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4 March 2016 Enhancing contrast and quantitation by spatial frequency domain fluorescence molecular imaging
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Optical imaging with fluorescent contrast agents is highly sensitive for molecular imaging but is limited in depth to a few centimeters below the skin. Planar fluorescence imaging with full-field, uniform illumination and scientific camera image capture provides a portable and robust configuration for real-time, sensitive fluorescence detection with scalable resolution, but is inherently surface weighted and therefore limited in depth to a few millimeters. At the NIR region (700–1000 nm), tissue absorption and autofluorescence are relatively reduced, increasing depth penetration and reducing background signal, respectively. Optical imaging resolution scales with depth, limiting microscopic resolution with multiphoton microscopy and optical coherence tomography to < 3 mm depth. Unfortunately, patient skin and peri-tumoral tissues are not uniform, varying in thickness and color, complicating subsurface fluorescence measurements. Diffuse optical imaging methods have been developed that better quantify optical signals relative to faster full-field planar reflectance imaging, but require long scan times, complex instrumentation, and reconstruction algorithms. Here we report a novel strategy for rapid measurement of subsurface fluorescence using structured light illumination to improve quantitation of deep-seated fluorescence molecular probe accumulation. This technique, in combination with highly specific, tumor-avid fluorescent molecular probes, will easily integrate noninvasive diagnostics for superficial cancers and fluorescence guided surgery.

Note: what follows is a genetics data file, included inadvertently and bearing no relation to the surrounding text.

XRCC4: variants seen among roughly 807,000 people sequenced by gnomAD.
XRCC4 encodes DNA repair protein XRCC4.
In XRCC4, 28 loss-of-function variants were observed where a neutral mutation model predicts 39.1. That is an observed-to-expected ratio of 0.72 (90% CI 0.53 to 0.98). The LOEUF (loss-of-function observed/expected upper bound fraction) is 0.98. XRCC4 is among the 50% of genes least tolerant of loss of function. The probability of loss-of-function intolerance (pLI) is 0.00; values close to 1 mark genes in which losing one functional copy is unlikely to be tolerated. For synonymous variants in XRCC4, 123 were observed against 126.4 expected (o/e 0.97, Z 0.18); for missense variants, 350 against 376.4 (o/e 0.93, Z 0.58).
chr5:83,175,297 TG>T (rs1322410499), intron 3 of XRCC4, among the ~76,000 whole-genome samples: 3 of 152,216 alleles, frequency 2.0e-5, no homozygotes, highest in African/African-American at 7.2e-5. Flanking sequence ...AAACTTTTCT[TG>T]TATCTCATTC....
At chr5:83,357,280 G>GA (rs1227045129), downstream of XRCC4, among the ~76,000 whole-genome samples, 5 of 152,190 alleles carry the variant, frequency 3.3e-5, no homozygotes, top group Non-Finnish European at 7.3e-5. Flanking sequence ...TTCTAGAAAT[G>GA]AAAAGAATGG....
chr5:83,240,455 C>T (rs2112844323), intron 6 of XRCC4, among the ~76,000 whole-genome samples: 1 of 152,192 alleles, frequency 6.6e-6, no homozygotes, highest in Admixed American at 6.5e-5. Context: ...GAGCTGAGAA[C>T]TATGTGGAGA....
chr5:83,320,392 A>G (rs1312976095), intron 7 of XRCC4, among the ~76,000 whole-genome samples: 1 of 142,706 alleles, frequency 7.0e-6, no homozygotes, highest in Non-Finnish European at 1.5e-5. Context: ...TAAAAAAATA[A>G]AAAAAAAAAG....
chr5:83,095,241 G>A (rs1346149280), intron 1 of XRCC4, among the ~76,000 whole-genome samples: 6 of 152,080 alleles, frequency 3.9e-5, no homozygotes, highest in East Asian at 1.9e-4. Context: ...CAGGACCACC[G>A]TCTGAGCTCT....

Conference Presentation
© (2016) COPYRIGHT Society of Photo-Optical Instrumentation Engineers (SPIE). Downloading of the abstract is permitted for personal use only.
Jessica Sun, Deep Hathi, Haiying Zhou, Monica Shokeen, and Walter J. Akers "Enhancing contrast and quantitation by spatial frequency domain fluorescence molecular imaging", Proc. SPIE 9715, Optical Diagnostics and Sensing XVI: Toward Point-of-Care Diagnostics, 97150Y (4 March 2016);

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